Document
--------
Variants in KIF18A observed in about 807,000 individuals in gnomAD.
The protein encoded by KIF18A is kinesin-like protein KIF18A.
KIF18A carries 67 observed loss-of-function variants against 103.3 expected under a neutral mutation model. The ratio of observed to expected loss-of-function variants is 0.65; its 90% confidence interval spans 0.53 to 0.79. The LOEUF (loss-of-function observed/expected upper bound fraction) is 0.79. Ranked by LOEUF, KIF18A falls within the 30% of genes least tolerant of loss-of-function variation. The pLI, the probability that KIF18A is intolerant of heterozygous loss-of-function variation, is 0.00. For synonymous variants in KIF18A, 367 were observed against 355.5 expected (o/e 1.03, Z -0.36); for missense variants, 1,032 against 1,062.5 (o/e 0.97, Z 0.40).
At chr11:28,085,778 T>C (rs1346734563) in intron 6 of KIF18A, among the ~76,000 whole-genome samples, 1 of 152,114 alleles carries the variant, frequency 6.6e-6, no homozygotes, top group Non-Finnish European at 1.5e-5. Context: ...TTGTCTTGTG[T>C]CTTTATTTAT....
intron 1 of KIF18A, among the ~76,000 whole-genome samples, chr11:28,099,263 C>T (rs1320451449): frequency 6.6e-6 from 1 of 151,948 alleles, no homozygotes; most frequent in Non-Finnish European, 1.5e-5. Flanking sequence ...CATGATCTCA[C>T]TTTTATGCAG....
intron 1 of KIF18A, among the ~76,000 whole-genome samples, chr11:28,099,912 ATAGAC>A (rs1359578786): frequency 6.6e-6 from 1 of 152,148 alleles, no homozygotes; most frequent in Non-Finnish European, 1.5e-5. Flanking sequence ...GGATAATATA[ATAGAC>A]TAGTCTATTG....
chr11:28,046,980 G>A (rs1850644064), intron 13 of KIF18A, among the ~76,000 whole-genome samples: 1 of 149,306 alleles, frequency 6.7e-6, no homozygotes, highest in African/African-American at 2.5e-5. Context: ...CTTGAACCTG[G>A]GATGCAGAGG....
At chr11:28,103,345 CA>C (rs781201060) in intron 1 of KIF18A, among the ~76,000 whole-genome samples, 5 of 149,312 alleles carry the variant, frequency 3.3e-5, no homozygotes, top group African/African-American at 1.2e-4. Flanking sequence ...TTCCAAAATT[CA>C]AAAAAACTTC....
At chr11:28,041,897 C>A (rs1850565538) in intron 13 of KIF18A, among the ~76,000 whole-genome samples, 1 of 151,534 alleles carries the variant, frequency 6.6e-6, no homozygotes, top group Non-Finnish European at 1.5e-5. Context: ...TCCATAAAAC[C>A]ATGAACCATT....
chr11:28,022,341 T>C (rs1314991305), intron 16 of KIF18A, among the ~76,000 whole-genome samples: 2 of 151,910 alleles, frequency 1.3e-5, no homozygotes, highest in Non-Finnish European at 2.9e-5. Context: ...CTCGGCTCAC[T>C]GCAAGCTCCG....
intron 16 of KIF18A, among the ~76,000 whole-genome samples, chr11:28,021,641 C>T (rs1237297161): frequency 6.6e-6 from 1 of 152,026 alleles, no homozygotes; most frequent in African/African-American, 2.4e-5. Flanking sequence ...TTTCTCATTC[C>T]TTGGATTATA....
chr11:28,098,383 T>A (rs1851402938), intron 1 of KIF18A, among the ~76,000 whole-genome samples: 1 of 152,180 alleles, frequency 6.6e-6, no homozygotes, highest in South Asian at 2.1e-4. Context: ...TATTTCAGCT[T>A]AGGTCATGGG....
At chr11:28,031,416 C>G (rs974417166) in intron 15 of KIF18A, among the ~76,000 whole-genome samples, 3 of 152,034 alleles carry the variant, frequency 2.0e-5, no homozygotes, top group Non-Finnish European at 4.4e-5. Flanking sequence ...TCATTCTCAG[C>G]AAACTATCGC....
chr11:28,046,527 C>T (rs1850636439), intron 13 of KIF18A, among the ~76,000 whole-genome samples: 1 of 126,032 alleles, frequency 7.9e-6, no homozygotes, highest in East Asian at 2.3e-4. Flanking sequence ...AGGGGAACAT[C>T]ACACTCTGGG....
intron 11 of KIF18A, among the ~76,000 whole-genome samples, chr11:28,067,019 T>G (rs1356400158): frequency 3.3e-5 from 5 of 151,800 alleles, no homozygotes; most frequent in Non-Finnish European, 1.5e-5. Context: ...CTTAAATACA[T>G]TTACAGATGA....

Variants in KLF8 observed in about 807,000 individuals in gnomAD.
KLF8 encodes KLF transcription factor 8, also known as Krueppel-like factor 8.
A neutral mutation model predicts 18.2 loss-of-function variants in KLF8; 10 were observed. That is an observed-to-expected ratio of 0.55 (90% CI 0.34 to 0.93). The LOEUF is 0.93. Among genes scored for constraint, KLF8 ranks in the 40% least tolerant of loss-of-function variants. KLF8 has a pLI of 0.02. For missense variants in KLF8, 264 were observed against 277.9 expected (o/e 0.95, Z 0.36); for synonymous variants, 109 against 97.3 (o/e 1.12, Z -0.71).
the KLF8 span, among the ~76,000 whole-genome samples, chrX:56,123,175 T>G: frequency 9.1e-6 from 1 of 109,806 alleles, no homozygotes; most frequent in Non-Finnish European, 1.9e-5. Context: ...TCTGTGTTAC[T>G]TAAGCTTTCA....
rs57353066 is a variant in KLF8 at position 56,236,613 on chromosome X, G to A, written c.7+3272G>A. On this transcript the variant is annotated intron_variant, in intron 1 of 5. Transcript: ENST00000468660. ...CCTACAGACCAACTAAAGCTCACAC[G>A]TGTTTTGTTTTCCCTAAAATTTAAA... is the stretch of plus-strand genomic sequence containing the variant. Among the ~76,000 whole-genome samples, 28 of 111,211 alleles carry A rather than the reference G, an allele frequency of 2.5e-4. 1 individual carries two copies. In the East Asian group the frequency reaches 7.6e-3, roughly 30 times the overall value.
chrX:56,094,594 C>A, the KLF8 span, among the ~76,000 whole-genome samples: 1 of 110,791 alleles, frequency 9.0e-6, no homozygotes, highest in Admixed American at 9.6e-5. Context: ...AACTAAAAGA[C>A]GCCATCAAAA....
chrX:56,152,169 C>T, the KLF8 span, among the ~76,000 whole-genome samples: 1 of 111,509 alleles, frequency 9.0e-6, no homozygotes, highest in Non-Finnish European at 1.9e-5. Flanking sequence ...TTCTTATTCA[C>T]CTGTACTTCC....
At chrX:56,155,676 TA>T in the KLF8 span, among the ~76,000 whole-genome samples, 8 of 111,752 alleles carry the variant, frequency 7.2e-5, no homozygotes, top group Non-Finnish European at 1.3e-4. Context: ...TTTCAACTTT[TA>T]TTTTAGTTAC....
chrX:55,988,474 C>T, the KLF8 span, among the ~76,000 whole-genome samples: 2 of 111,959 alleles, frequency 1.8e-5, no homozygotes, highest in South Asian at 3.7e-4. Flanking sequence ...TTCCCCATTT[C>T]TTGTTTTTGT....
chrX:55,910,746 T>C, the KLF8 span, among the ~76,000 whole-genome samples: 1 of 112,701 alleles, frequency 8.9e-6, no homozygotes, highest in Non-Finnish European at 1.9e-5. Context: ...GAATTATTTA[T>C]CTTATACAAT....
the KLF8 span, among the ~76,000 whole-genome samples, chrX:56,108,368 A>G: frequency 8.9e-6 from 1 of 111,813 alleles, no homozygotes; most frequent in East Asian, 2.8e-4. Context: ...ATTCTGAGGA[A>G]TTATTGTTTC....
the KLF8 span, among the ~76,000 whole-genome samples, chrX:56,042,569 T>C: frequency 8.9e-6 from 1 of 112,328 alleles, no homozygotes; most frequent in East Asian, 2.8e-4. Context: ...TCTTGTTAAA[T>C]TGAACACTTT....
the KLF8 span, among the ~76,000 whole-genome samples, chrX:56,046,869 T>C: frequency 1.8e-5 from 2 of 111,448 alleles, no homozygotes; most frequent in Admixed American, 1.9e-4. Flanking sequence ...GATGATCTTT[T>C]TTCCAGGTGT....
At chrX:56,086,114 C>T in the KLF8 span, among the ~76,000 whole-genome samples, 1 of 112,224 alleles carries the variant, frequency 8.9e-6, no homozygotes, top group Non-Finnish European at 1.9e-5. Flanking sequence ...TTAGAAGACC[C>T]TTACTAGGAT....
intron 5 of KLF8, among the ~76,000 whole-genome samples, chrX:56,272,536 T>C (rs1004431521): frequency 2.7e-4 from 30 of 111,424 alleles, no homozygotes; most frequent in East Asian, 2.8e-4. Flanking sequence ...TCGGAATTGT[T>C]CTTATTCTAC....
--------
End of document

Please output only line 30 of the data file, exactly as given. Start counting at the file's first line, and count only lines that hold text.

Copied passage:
intron 5 of KLF8, among the ~76,000 whole-genome samples, chrX:56,272,536 T>C (rs1004431521): frequency 2.7e-4 from 30 of 111,424 alleles, no homozygotes; most frequent in East Asian, 2.8e-4. Flanking sequence ...TCGGAATTGT[T>C]CTTATTCTAC....